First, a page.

A range of contemporary poets, performers and writers recently gathered to discuss the effect of the Partition between India and Pakistan, at an event organised by Manchester Metropolitan University.
Curated by Alnoor Mitha, Senior Research Fellow at Manchester Met, the event was held at HOME as part of the Manchester International Festival.
It marked the impact of the Partition, which took place 70 years ago, and explored its continued effect on debates on migration, race and identity today.
Different backgrounds, different perspectives
Called Imagined Homeland, the event explored the ongoing impact of Partition on South Asian communities in the UK and across the world.
Uniquely, it featured contemporary poets and performers who prepared new work in response to themes as they unfolded throughout the day.
“Each and every speaker had something completely new and different to offer,” said Alnoor. “Whether it was performance poetry, photographic images, or historical context – each response illuminated Partition in a novel and interesting way.
“Through the use of arresting photos and images Yasmin Khan, our keynote speaker, very accurately realised what happened during Partition. Her slides brought a very complex event to life in a very lucid way.
“Dilip Hero offered a very important perspective from someone who has written extensively about Partition and who has in-depth historical knowledge of the event. It was a privilege to hear from him.
“It was equally interesting in an altogether different way to hear from our performers such as dancer and performance poet Yandass Ndlovu.
“Yandass gave a unique personalised vision as someone who didn’t know too much about Partition. Through talking to young people she brought a very powerful perspective.
“Equally, Elmi Ali’s performance poetry reminded how the events of 70 years ago still influence things today. The images and ideas of the day channeled modern events, such as the Syrian refugee crisis or our nation’s divided stance on immigration.”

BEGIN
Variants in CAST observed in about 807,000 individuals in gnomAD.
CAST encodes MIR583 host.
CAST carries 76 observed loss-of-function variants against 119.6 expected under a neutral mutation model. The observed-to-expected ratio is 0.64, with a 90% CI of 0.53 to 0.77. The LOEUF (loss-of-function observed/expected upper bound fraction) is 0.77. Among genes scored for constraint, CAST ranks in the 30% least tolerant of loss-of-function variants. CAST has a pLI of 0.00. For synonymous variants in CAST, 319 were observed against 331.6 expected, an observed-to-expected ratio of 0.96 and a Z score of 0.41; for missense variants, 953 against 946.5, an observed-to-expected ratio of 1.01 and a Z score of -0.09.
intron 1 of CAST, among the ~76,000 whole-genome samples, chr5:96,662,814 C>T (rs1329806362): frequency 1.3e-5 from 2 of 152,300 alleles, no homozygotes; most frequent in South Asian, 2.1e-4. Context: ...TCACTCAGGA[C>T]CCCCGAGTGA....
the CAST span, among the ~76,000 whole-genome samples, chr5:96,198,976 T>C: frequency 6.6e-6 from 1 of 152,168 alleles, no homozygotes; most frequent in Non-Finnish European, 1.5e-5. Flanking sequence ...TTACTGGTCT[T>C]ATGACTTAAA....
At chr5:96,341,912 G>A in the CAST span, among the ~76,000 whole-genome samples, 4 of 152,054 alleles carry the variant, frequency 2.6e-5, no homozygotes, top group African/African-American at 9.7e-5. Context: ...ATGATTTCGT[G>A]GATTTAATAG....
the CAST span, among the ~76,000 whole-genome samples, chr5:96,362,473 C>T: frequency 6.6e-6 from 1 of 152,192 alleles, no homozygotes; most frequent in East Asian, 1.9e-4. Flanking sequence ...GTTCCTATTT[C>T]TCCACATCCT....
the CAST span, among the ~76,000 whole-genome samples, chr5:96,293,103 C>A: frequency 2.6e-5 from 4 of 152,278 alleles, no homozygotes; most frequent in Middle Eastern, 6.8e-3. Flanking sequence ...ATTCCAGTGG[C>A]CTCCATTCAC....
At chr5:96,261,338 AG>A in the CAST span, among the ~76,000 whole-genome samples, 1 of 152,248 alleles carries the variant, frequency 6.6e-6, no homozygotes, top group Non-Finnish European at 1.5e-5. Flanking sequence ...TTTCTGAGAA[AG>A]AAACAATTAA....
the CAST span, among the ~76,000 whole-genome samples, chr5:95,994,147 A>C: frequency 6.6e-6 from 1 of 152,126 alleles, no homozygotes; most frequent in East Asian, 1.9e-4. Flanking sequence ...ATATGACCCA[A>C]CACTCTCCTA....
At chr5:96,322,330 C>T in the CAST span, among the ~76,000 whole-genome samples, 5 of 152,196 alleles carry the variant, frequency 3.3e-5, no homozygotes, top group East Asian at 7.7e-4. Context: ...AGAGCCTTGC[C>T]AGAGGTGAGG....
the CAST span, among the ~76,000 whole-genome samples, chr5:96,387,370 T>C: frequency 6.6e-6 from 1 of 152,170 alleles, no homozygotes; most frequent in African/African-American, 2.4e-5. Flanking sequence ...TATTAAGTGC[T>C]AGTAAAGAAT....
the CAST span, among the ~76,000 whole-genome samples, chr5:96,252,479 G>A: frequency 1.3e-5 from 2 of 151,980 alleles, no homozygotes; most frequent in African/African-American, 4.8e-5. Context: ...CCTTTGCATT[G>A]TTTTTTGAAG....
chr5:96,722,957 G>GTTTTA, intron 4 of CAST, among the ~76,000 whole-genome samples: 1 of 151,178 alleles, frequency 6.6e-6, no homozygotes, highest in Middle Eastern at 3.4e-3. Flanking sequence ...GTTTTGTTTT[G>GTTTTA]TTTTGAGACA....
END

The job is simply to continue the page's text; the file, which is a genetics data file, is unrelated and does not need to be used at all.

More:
“Who do you think you are?”
Many of the audience members came from a migrant background – a key aim for Alnoor in putting together the event.
“Manchester has a sizeable South Asian community, and I felt it important that we reach out and engage with them. Collaborating with the Manchester International Festival helped us achieve this, through its high profile, and also helped us reach out to a wider community.”
Next year Alnoor will be curating the Asia Triennial Manchester (ATM) – a series of exhibitions and events that will continue the debate around race, and identity.
“Our theme for the ATM in 2018 is ‘Who do you think you are?’. We see conflict everywhere – whether that’s in images of war or disaster. And yet, we see moments of genuine compassion from people too through acts of kindness and humanity.
“The ATM will raise questions about identity and create debates through visual artwork, much in the way the symposium engaged with debate through performance poetry.”
All eyes on Asia Triennial Manchester 2018
Justine Daniels, Director of the Research and Knowledge Exchange, said: “Alnoor deserves warm congratulations for putting together this stirring, thought-provoking and unique event which marks a significant event in world history. I eagerly await the Asia Triennial Manchester in 2018 which I’m sure will be equally provocative and engaging.”
Professor Richard Greene, Pro-Vice Chancellor of the Research and Knowledge Exchange and Manchester Metropolitan University, commented: “Imagined Homeland was a unique way of engaging with the historical events that led to the displacement of millions of people and ultimately the creation of two independent states.
“I believe the Asia Triennial Manchester will be an equally innovative way of engaging the local and national South Asian community in debates around race, culture and identity.”